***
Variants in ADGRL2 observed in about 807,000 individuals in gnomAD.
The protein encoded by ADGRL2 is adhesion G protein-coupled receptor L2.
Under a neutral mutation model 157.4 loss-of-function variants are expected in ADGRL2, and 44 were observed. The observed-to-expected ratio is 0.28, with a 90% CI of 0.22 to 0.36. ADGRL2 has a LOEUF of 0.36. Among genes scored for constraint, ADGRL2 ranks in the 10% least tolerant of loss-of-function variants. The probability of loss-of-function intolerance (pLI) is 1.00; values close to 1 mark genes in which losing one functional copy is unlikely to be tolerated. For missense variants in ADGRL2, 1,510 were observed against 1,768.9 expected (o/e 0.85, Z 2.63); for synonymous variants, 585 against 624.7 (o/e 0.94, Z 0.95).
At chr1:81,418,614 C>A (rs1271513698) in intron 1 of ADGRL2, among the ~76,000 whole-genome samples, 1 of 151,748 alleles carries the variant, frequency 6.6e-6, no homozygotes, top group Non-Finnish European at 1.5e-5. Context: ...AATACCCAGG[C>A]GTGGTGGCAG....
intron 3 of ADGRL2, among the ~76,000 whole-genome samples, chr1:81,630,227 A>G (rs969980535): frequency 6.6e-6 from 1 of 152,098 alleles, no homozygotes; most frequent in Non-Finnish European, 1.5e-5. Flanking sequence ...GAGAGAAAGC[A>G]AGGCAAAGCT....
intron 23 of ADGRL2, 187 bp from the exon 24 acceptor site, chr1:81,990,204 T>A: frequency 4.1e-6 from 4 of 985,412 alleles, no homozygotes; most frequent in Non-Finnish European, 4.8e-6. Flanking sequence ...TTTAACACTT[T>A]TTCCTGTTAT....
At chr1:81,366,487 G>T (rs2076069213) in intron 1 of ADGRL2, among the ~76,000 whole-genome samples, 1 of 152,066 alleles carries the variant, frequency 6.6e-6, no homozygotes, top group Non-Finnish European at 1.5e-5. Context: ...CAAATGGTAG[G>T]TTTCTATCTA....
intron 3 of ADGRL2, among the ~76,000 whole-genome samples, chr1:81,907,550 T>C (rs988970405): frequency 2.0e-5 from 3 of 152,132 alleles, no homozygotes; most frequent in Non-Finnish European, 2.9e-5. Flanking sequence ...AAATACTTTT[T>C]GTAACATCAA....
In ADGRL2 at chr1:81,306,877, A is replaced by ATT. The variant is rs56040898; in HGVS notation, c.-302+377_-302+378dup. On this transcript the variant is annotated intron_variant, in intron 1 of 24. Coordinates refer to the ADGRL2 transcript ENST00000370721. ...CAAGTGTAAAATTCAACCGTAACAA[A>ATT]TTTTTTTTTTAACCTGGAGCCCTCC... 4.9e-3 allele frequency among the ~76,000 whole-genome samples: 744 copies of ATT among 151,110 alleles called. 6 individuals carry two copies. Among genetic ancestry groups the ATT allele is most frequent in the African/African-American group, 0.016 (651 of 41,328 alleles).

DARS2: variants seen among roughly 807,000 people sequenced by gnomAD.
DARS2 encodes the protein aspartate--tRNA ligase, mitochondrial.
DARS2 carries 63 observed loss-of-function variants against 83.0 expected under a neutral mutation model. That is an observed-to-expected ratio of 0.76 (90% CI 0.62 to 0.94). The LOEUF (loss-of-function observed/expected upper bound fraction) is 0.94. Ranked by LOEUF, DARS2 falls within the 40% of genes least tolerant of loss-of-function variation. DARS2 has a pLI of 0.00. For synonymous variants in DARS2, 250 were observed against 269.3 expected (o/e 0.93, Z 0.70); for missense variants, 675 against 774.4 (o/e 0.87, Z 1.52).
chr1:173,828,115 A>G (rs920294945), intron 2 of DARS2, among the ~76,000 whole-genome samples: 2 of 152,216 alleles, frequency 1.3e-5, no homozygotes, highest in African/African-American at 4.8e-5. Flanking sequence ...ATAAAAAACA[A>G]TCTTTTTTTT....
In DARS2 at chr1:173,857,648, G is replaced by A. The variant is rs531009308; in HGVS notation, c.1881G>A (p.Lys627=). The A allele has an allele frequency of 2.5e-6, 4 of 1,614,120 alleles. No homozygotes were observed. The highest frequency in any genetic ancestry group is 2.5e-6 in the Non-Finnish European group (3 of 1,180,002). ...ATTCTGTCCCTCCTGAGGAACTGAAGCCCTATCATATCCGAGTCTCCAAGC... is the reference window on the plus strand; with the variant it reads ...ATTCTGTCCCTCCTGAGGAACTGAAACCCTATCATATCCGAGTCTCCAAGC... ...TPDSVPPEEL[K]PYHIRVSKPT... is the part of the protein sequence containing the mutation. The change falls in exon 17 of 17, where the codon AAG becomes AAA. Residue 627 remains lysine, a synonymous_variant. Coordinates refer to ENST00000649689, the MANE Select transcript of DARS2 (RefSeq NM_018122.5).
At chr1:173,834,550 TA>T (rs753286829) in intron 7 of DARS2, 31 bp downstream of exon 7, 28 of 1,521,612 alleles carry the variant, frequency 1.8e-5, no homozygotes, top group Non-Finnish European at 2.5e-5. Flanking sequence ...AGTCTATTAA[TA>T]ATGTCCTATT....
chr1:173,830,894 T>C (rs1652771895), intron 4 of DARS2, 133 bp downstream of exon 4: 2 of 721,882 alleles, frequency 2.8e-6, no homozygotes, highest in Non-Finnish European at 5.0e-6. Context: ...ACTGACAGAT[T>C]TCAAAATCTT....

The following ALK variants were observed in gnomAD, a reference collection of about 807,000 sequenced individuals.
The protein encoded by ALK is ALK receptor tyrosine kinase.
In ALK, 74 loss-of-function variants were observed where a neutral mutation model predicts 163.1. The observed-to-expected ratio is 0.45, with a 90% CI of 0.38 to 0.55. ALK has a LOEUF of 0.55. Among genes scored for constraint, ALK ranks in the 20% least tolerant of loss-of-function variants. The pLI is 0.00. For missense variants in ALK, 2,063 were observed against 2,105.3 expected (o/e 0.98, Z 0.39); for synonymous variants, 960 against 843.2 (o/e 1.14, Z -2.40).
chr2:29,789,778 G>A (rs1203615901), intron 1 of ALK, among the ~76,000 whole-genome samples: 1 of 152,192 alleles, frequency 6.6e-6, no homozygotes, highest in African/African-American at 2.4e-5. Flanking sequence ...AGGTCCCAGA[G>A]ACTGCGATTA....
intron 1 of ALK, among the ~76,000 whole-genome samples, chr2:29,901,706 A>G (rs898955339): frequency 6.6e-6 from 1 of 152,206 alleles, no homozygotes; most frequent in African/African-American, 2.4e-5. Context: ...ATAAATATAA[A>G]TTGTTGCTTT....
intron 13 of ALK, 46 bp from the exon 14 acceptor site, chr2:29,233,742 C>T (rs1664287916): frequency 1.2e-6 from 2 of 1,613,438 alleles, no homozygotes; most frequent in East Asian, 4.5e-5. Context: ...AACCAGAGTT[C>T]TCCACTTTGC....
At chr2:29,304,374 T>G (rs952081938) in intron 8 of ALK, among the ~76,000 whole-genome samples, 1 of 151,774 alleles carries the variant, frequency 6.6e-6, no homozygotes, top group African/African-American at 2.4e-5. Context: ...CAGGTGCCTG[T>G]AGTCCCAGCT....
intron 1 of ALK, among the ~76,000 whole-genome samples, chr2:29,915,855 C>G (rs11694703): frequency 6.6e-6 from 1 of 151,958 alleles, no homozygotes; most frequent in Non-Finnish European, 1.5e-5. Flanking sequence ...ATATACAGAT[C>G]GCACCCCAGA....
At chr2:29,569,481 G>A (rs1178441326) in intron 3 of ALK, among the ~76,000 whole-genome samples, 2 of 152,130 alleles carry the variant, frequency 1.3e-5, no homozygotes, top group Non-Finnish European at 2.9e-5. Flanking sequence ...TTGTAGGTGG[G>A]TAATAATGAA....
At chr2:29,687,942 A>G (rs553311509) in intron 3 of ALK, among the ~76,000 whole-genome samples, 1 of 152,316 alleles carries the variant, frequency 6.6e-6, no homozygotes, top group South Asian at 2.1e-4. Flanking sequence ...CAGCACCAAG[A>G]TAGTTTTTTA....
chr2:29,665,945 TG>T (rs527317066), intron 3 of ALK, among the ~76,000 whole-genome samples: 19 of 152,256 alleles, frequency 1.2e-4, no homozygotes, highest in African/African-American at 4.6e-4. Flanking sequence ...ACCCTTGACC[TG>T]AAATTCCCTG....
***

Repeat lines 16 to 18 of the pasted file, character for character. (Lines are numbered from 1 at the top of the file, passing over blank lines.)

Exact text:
chr1:173,830,894 T>C (rs1652771895), intron 4 of DARS2, 133 bp downstream of exon 4: 2 of 721,882 alleles, frequency 2.8e-6, no homozygotes, highest in Non-Finnish European at 5.0e-6. Context: ...ACTGACAGAT[T>C]TCAAAATCTT....

The following ALK variants were observed in gnomAD, a reference collection of about 807,000 sequenced individuals.
The protein encoded by ALK is ALK receptor tyrosine kinase.